King underwent surgery in the summer, meaning he would miss the start of the season. Manager Martin Jol had been sacked and replaced by Juande Ramos. But on Boxing Day 2007, King made a surprise return to the starting line-up against Fulham, playing 73 minutes before being replaced by Adel Taarabt. He appeared sporadically for the rest of the season, but captained Tottenham to a 2–1 victory over Chelsea in the 2008 League Cup final, the first major honour of his career.

On 3 April 2008, it was announced that he would be rested for the remainder of the season, Spurs having been knocked out of the UEFA Cup, FA Cup and unable to qualify for the Champions League through the League.[13] King had featured in just 10 games all season, with just 4 Premiership games under his belt.

On 12 August 2008, King picked up the trophy for the cleanest team in the Premier league for the season. He received the award at the 'Get on with the Game' programme which was shown on Sky Sports News.[citation needed]

It became clear at the start of the 2008/2009 season that King's injury problems meant that he could not play in every game. Ramos picked him in all 5 of the cup games he managed the club for that season, but only two of the eight league games. With Spurs rooted to the bottom of the league, having picked up just 2 points from those 8 games, Ramos was sacked and replaced by Harry Redknapp, who chose to prioritise the league and only play King in those games. On 26 October 2008, King made his 200th league appearance for Tottenham Hotspur as they defeated Bolton Wanderers 2–0. He captained the club in the League Cup final yet again, this time against Manchester United, keeping a clean sheet after 120 minutes of play, but Tottenham lost on penalties.

Harry Redknapp said of King's knee injury:

"There's no cure. There's no cartilage, nothing to operate on. It's just bone on bone. So it's just a question of managing it. It swells up after games and it normally takes seven days to recover but having played on Monday night he's had less time than usual. He rarely trains, he mostly just goes to the gym to keep himself ticking over. But not running or anything like that. But even if he only plays 20 games a season, he's worth having because he's so good we have a much better chance of winning."[14]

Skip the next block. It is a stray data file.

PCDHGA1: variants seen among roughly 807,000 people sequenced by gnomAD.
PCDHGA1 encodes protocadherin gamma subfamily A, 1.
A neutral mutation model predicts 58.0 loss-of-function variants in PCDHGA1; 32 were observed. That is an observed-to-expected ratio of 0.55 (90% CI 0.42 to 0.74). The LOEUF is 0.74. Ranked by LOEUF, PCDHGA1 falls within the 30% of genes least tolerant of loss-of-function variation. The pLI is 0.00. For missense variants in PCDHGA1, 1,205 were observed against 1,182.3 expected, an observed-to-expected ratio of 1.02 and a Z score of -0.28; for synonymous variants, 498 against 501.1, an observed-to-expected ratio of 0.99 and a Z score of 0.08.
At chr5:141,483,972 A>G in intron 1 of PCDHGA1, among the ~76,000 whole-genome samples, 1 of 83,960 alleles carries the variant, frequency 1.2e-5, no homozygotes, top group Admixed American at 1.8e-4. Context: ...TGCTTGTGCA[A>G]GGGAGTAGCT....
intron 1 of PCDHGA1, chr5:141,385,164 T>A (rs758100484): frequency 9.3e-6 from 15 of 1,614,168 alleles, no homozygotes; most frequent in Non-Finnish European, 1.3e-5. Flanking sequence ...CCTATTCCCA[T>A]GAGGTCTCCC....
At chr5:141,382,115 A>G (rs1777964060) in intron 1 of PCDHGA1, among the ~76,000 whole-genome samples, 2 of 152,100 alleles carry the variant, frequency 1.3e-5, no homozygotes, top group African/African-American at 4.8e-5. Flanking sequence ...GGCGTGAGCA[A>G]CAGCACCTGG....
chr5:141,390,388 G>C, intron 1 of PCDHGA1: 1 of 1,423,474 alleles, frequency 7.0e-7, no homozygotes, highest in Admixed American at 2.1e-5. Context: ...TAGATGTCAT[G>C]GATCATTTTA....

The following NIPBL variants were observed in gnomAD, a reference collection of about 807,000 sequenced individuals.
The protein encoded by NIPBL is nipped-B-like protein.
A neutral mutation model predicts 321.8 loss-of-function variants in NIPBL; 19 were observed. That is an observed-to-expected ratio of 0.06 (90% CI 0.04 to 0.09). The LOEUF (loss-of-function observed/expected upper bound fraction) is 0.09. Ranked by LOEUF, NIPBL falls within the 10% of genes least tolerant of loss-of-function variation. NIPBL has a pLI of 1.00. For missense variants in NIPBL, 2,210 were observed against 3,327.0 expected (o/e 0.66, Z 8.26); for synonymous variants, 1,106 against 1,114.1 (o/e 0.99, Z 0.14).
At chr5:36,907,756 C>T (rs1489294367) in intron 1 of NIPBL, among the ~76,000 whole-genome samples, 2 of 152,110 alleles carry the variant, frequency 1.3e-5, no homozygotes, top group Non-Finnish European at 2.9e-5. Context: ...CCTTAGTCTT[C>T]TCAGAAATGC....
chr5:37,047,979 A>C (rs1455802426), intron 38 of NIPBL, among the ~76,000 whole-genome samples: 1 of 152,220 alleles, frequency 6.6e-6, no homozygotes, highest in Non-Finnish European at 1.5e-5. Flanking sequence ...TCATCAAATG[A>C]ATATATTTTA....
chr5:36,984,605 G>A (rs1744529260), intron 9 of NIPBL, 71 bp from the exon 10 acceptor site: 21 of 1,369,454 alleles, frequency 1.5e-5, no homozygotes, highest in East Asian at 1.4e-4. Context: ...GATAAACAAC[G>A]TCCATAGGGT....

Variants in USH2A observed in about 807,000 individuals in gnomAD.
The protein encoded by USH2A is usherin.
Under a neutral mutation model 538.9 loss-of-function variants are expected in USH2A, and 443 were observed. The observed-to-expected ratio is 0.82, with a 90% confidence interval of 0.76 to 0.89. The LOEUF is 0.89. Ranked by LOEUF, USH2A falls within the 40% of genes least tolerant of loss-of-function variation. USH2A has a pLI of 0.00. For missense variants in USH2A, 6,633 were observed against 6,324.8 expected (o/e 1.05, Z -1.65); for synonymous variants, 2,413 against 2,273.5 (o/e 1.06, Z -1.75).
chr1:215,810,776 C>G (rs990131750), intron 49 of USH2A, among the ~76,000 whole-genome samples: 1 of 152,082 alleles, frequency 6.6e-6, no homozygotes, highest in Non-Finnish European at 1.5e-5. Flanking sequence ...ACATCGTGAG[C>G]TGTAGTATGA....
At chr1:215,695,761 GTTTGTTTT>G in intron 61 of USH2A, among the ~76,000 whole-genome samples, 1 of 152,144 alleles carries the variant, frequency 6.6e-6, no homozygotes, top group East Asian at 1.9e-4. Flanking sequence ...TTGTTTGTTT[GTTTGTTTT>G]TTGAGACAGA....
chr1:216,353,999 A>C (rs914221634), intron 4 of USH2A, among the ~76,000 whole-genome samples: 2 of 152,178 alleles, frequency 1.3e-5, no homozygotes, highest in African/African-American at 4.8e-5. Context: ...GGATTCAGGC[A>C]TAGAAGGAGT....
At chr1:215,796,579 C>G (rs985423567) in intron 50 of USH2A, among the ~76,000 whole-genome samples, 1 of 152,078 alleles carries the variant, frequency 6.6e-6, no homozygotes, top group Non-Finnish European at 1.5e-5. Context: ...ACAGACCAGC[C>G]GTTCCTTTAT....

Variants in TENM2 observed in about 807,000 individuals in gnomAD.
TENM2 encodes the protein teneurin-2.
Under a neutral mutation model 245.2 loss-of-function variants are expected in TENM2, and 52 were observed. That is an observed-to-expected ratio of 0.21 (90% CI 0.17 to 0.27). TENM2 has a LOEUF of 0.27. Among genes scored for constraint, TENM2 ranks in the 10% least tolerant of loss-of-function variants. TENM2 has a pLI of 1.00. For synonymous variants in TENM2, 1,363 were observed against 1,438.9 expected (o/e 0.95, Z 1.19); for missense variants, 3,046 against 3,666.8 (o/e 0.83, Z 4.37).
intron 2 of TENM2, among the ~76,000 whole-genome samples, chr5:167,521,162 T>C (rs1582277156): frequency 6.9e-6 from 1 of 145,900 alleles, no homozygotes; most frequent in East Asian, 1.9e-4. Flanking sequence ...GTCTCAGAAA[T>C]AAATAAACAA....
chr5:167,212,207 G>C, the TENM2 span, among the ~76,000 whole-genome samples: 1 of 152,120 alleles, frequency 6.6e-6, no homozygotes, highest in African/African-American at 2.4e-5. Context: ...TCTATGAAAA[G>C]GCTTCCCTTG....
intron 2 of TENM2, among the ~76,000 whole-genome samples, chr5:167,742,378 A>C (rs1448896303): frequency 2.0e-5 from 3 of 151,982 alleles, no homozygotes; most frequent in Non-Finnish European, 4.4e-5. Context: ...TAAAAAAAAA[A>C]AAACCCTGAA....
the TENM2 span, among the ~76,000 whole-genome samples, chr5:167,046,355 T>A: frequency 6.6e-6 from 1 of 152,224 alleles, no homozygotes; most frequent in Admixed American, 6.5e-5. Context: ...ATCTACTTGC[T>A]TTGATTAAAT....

King won his first game ever against Arsenal in the league on 14 April 2010, with a 2–1 win, which he played 90 minutes of. Exactly three weeks later, on 5 May 2010 King captained Tottenham to a 1–0 away victory at Manchester City, thus guaranteeing Tottenham's highest ever finish in the Premier League and securing entry into the qualification round of the UEFA Champions League for the first time. King had been a major doubt for the match having played against Bolton just 4 days earlier, however his performance in this game and many other games in early 2010 look to have secured his place in Fabio Capello's England squad for the 2010 FIFA World Cup in South Africa. On 16 May 2010 it was reported that King had signed a new two-year contract extension with Spurs which would keep him at the club until 2012. It was rumoured that King had been released by Tottenham after The Premier League released a list of players who would not be staying at their clubs; with King included on the list. This was confirmed to be incorrect by Tottenham, who said they were still in the process of offering King a new deal.

In 2011, a steel statue of King was erected in Mile End Park.[15]